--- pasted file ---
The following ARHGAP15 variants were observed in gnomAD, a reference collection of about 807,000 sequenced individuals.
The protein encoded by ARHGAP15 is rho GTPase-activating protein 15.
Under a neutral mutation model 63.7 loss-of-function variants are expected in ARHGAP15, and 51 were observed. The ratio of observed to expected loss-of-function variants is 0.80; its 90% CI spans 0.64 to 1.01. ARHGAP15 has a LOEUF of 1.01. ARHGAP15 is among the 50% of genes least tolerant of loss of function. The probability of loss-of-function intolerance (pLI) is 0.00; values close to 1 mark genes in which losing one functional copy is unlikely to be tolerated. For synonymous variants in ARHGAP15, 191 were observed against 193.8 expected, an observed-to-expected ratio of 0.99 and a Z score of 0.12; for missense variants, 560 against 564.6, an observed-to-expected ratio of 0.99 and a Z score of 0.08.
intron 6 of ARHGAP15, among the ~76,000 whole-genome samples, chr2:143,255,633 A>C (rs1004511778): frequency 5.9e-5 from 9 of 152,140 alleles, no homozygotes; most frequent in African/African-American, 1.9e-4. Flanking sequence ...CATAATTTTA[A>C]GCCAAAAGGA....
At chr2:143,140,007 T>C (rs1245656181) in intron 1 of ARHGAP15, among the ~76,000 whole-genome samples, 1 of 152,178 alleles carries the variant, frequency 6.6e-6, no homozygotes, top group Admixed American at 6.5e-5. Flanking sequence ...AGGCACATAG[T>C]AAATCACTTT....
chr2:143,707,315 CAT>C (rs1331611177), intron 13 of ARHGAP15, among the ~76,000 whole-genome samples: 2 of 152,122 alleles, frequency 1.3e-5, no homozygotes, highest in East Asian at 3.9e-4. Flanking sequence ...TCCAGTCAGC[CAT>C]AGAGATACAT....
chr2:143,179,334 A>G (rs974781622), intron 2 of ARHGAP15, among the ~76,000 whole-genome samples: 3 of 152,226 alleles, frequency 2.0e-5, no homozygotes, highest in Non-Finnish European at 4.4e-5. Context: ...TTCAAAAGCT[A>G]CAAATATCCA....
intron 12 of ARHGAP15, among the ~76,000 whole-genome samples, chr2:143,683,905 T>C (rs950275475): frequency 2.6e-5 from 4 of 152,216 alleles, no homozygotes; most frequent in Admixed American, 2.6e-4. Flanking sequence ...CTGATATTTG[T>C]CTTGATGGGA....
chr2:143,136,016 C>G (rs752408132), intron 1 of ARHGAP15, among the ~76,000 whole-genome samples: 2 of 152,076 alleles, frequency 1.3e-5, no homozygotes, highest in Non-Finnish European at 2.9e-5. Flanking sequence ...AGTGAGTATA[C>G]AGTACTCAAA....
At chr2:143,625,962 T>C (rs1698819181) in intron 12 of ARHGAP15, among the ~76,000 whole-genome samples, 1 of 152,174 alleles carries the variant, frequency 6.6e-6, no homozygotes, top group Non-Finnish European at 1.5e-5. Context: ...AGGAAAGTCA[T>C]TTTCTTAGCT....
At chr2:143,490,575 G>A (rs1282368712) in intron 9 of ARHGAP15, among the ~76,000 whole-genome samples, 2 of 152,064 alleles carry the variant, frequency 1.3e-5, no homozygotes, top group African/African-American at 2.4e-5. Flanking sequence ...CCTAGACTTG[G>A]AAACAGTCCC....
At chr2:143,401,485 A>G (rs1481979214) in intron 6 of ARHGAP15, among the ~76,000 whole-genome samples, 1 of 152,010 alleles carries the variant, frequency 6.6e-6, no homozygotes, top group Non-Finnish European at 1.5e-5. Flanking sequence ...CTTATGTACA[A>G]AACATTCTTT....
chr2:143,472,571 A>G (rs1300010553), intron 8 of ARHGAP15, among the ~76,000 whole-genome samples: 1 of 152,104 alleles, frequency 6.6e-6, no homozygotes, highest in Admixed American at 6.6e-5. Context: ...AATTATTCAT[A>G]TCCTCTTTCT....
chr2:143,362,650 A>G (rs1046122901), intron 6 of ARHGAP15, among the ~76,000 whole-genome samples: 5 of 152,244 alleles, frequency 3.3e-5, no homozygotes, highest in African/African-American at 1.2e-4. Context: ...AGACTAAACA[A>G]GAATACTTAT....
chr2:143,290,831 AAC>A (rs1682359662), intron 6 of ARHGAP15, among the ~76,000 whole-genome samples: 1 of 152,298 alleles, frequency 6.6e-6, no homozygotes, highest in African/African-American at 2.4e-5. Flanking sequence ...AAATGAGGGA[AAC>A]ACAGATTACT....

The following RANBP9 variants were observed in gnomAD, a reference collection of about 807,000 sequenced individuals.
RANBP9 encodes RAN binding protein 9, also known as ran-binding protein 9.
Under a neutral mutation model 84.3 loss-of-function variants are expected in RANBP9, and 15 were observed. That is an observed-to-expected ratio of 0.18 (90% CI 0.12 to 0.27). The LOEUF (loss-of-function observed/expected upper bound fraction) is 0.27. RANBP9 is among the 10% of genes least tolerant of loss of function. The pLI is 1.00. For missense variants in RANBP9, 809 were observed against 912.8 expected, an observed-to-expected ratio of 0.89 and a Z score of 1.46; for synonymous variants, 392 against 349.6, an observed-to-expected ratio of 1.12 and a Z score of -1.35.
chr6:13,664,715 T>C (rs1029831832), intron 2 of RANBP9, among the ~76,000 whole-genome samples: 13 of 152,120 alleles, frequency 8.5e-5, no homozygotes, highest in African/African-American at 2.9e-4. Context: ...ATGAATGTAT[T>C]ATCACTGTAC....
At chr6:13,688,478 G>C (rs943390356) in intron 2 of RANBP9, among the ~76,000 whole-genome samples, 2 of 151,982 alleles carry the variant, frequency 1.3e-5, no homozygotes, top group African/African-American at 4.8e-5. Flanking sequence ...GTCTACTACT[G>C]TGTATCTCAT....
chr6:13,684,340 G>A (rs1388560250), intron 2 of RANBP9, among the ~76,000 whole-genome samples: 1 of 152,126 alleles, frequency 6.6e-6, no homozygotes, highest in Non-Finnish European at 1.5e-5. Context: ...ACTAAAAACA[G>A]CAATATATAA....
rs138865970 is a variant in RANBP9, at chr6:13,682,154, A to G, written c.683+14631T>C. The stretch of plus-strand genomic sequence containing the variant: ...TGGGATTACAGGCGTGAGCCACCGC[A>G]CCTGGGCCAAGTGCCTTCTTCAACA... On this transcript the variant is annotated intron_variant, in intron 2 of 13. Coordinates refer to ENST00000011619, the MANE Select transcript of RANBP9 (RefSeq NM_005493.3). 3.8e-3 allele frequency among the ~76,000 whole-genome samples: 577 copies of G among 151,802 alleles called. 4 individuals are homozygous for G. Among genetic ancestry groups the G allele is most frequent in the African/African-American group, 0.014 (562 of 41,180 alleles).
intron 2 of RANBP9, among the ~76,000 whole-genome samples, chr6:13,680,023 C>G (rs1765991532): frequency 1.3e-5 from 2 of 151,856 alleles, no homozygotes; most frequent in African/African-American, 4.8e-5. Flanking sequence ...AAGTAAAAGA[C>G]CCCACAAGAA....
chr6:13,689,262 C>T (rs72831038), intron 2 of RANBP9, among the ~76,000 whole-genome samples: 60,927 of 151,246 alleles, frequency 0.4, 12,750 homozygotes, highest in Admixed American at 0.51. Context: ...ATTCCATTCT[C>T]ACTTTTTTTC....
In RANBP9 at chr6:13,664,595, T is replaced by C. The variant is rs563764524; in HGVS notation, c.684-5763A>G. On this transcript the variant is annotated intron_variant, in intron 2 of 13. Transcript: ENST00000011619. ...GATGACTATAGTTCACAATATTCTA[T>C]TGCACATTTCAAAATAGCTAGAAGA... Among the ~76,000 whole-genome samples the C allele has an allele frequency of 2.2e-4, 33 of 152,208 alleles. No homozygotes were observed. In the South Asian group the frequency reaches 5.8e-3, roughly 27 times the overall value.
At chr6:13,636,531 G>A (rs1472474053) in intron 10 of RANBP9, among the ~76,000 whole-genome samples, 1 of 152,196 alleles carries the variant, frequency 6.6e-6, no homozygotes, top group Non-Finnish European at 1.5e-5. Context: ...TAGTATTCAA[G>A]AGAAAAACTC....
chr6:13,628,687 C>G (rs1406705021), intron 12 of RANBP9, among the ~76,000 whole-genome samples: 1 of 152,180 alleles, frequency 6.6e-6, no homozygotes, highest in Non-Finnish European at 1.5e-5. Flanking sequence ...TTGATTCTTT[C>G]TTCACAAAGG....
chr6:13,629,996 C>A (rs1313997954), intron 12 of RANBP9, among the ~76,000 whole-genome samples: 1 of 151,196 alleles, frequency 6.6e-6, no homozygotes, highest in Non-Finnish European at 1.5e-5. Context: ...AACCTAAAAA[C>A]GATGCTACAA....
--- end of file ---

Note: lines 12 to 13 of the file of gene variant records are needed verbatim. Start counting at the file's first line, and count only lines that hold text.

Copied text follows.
At chr2:143,401,485 A>G (rs1481979214) in intron 6 of ARHGAP15, among the ~76,000 whole-genome samples, 1 of 152,010 alleles carries the variant, frequency 6.6e-6, no homozygotes, top group Non-Finnish European at 1.5e-5. Flanking sequence ...CTTATGTACA[A>G]AACATTCTTT....
chr2:143,472,571 A>G (rs1300010553), intron 8 of ARHGAP15, among the ~76,000 whole-genome samples: 1 of 152,104 alleles, frequency 6.6e-6, no homozygotes, highest in Admixed American at 6.6e-5. Context: ...AATTATTCAT[A>G]TCCTCTTTCT....